Crispy, creamy, unctuous Carbonara. It’s quite simply quite simple. And it’s so fast, your kids’ hands had better already be washed for dinner, or they’re gonna be late.
Carbonara is an extremely easy dish to make, with very few ingredients. There are a few variations, but the easiest way is just to do it like the Romans. Or as close to it as possible. They probably didn’t have my electric stove.
The steps are quick and easy.
I found this recipe in a book that was given to me, as a surprise gift, by the sister of my best friend. The book, “Sauces and Shapes: Pasta the Italian Way“, by Oretta Zanini de Vita, and Maureen B. Fant, have quite a lot of mouth watering recipes. And the carbonara recipe seemed to be more authentic than many you may find. Watch this little video to show you how darn easy it is.
As usual, I’ve made a slight change but it’s nothing that makes this any less genuine. (An extra yolk, some pasta water… – nothing major – get over it, you purists.)
Try it a couple of times before you use it on guests, but when you eventually do, make sure they’re sitting at the table when you start this thing because it comes together fast.
All it takes is: eggs, pepper, Romano cheese, guanciale, water and spaghetti. Guanciale is, and I hate to say it like this but thats how it is- pig cheek. It’s quite fatty with a streak of lean, and when put in a hot pan the fat melta and you’re left with the crunchy bits . Don’t give in and substitute bacon for the guanciale. It’s not remotely the same, and whatever your dish is, it won’t be a carbonara.
It is said that you don’t want to use something thin like angel hair, and that spaghettoni is even more desirable than spaghetti, being a fatter spaghetti. But to be honest, until recently I had never even heard of spaghettoni. Bucatini works well though, and it’s basically a fat piece of spaghetti with a hollow center. You definitely need something big to grab onto the sauce. I usually use spaghetti.
OK, so here’s the very easy deal. Get a large pot of water boiling, take your piece of guanciale and dice it up into small pieces. You might be tempted to use bacon, but bacon is smoked, and for this dish you need a cured meat, like guanciale, or pancetta. But preferably guanciale. And if you do dare to use bacon, a Roman will show up at your door, wag his finger angrily at you and tell you “Quod non est guanciale!”
When the water is boiling, throw however much spaghetti you were cooking into the pot and throw the guanciale into a cold frying pan and turn it on medium high. Set a timer for about 10 minutes, or for however long it takes your pasta to be almost done.
During that 10 minutes whisk the eggs and egg yolk until frothy, grate your Romano cheese and whisk it into the eggs and then add a generous bit of freshly ground pepper and whisk a little more. Pepper is definitely an integral part of a carbonara, and I suggest using a course grind of pepper.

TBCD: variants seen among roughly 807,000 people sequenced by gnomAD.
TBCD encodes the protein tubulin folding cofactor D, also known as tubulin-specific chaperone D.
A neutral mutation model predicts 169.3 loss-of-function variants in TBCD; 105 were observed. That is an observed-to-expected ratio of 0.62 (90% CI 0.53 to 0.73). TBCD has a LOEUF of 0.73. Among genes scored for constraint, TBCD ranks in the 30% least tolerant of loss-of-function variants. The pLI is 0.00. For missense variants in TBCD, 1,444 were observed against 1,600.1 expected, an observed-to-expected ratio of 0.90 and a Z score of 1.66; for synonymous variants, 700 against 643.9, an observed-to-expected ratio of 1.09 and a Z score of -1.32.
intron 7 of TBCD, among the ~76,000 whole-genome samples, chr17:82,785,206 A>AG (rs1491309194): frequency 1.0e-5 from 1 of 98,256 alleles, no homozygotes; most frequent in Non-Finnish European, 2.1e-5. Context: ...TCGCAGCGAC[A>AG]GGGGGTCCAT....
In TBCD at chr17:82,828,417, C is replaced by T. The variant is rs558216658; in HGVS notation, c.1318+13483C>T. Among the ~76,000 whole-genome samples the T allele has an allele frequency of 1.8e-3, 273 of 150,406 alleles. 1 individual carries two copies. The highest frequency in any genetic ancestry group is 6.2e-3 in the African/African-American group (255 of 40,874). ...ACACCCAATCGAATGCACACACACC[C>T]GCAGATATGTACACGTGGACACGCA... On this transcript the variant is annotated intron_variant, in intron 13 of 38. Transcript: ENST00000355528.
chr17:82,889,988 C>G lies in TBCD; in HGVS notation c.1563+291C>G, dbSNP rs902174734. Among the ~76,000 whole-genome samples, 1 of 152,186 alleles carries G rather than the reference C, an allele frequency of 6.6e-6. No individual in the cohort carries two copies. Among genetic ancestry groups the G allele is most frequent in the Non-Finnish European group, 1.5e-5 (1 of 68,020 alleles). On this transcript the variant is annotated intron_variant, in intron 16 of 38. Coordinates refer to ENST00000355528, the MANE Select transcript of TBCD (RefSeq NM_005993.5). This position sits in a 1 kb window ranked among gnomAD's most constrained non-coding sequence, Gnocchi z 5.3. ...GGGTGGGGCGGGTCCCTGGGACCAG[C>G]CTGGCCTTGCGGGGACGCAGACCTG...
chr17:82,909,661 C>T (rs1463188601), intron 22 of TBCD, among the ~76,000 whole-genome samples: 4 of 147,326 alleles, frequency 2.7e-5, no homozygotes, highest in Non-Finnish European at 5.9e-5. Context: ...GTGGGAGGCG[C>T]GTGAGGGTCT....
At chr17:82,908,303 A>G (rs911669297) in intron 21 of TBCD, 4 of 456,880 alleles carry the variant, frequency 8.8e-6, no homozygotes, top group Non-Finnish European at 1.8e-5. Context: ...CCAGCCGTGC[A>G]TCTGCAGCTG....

Next head back to the stove, stir the spaghetti, and while you’re over there, stir the guanciale and when the fat has all rendered out of it, like in this picture, set it aside.
When the timer goes off put the guanciale back on the stove, get it heated for about 10 or 15 seconds and put the spaghetti into the pan so that it sizzles. The spaghetti should be a bit al dente (basically not quite finished) because you want it to have some bite to it. Add a little bit of the pasta water to the pan with the spaghetti, and a little bit of the pasta water to the egg and cheese mixture. Just a little, maybe a 1/4 cup.
Then take the pan off the stove. I’d recommend letting the pan sit for about 30 seconds to 1 minute before mixing in the egg mixture, because if it is too hot you’ll have scrambled eggs, and you’d have to start all over. Stir the egg and cheese mixture into the spaghetti for about a minute until it has thickened.
The recipe in “Sauces and Shapes” suggests using a plate warmer to keep it warm while you stir it, but I find that the pan is usually hot enough to thicken the dish, and in the 60 seconds that that takes to happen you have finished making dinner. Hopefully people are already sitting at the table.
Serve it, with some more pepper on top. That’s it. You’ll feel like a Roman.
A delicious mixture of eggs, cheese, guanciale, pasta and pepper that will leave you wanting more, and telling your friends about it.
- 3 oz guanciale, cut as one thick piece
- 1 egg
- 1 egg yolk
- 1/2 cup finely grated Pecorino-Romano cheese
- Spaghetti or other thick pasta like bucatini (enough for two people)
- Bring large pot of water to boil
- Dice 3 oz of guanciale into pieces about 1/4″ long
- Grate 1/2 cup Romano Cheese
- Beat 1 egg and 1 egg yolk until smooth.
- Whisk grated cheese into egg mixture until fully incorporated.
- When water is boiling, throw however much pasta into the pot, and stir so it won’t stick to the bottom. Cook for 10 minutes, or until it is al dente.
- Put guanciale in frying pan on medium high, and cook, stirring occasionally until the fat is rendered out. If finished before pasta, remove from heat briefly.
- When pasta is al dente, put the guanciale pan back on the heat, and use a pair of tongs or spaghetti fork to move the pasta into the pan, add about 1/4 cup of the pasta water and stir it around for a minute or two. Remove the pan from the heat and let it sit for about a minute. While it sits, add 1/4 cup of the pasta water to the egg mixture, and whisk it to mix. Then add it to the pan with the pasta and guanciale, stirring until the dish has thickened.
- Place into bowls, grind pepper on the top, and serve.
- Prep Time: 5 minutes
- Cook Time: 10 minutes
- Category: Pasta
- Cuisine: Italian